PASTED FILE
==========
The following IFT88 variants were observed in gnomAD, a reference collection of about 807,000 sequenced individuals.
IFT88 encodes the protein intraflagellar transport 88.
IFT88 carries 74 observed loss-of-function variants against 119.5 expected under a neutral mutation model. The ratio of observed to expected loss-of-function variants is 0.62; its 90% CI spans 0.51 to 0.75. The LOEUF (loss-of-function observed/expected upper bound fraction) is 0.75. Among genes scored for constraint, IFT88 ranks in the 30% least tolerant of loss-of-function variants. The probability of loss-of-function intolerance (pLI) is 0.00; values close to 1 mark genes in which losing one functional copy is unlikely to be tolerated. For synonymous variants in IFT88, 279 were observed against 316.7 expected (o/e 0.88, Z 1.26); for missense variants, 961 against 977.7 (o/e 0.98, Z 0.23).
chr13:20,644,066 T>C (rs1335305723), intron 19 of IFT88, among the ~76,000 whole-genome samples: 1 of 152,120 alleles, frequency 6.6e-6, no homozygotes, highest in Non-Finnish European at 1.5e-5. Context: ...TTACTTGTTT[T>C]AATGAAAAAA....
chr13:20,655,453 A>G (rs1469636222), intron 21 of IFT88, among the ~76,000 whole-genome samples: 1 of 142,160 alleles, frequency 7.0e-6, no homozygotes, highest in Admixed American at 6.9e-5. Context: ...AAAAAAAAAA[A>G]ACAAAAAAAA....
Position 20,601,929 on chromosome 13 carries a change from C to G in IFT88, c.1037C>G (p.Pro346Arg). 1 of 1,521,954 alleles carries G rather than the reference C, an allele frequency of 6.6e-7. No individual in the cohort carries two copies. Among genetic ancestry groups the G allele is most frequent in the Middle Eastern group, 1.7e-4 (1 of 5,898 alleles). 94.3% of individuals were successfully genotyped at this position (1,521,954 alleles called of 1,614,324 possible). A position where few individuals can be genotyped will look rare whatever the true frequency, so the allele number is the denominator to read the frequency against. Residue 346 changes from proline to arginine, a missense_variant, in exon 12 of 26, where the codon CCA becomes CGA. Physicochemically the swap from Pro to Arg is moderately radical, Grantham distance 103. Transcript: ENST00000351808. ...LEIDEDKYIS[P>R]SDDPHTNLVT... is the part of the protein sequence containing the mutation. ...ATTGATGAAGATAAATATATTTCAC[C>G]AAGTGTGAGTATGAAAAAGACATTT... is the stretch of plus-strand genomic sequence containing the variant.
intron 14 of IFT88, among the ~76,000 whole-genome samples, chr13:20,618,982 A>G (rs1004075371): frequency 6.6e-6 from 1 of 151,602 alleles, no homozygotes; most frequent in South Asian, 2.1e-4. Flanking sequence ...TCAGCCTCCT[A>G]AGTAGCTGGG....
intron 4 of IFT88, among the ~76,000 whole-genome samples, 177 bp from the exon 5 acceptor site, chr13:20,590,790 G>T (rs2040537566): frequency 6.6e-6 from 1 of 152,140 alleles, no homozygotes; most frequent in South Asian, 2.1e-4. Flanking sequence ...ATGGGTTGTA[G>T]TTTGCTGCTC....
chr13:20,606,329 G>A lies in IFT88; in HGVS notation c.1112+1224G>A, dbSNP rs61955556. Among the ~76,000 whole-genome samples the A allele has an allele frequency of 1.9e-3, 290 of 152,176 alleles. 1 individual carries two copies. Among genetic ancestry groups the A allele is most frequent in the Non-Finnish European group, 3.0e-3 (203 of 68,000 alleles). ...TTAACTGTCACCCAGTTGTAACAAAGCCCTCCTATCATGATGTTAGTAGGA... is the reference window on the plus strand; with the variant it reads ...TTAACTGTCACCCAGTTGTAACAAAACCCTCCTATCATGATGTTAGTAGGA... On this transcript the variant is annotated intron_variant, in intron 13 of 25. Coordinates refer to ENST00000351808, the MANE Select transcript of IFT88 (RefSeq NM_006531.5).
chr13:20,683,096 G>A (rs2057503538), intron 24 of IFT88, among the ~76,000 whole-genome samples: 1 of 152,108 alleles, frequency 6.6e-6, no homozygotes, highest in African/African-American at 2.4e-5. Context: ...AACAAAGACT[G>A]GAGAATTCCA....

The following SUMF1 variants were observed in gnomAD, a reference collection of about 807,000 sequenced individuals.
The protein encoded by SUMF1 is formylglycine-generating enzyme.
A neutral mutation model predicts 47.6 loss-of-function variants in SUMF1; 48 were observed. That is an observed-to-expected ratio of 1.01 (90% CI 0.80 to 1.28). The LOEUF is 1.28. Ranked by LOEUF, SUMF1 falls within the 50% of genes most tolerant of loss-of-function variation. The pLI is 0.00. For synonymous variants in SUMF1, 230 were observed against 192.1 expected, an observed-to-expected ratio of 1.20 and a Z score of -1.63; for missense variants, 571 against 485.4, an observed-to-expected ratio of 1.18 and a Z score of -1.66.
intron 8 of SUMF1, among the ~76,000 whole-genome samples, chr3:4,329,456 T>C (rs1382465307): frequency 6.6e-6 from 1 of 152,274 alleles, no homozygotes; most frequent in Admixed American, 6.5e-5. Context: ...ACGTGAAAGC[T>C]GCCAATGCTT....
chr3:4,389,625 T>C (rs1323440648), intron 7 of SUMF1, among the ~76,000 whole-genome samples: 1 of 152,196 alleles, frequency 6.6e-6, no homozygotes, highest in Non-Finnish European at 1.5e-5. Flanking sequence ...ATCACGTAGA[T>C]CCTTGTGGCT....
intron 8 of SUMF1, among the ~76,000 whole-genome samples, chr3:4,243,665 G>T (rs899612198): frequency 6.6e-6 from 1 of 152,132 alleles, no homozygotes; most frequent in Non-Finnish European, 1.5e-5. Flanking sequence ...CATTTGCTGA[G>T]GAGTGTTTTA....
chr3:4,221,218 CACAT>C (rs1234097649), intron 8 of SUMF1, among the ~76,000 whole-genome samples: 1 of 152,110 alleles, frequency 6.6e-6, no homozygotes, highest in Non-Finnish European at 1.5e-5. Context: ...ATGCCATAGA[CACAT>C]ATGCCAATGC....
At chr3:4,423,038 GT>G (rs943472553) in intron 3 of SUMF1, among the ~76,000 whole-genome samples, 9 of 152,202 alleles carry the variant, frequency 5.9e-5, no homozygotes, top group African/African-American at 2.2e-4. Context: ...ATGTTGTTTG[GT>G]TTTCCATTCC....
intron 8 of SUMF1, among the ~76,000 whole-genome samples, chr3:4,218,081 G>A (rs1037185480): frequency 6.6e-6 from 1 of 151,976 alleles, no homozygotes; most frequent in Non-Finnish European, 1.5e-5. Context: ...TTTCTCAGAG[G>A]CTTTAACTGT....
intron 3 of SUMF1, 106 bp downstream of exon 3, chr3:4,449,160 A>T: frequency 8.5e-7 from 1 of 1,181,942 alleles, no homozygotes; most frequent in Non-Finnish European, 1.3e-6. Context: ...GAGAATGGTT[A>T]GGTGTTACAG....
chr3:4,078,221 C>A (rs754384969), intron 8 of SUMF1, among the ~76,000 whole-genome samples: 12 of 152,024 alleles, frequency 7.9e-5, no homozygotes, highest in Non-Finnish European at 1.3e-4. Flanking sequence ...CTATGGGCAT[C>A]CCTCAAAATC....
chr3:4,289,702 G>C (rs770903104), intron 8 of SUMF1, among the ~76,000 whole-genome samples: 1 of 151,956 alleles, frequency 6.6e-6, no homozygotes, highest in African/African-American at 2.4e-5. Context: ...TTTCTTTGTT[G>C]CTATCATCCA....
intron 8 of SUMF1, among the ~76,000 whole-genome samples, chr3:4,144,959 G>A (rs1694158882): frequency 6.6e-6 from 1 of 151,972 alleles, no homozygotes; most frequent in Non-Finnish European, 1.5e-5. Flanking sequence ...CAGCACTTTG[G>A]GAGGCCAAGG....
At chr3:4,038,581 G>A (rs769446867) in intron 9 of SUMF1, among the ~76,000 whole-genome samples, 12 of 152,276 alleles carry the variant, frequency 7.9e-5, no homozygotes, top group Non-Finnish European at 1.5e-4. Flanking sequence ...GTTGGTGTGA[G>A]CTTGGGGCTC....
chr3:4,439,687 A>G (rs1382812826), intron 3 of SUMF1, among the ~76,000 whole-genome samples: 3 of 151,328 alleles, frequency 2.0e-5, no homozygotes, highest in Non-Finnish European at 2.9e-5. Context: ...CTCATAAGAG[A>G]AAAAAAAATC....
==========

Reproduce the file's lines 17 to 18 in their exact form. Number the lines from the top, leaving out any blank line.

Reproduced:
chr3:4,221,218 CACAT>C (rs1234097649), intron 8 of SUMF1, among the ~76,000 whole-genome samples: 1 of 152,110 alleles, frequency 6.6e-6, no homozygotes, highest in Non-Finnish European at 1.5e-5. Context: ...ATGCCATAGA[CACAT>C]ATGCCAATGC....
At chr3:4,423,038 GT>G (rs943472553) in intron 3 of SUMF1, among the ~76,000 whole-genome samples, 9 of 152,202 alleles carry the variant, frequency 5.9e-5, no homozygotes, top group African/African-American at 2.2e-4. Context: ...ATGTTGTTTG[GT>G]TTTCCATTCC....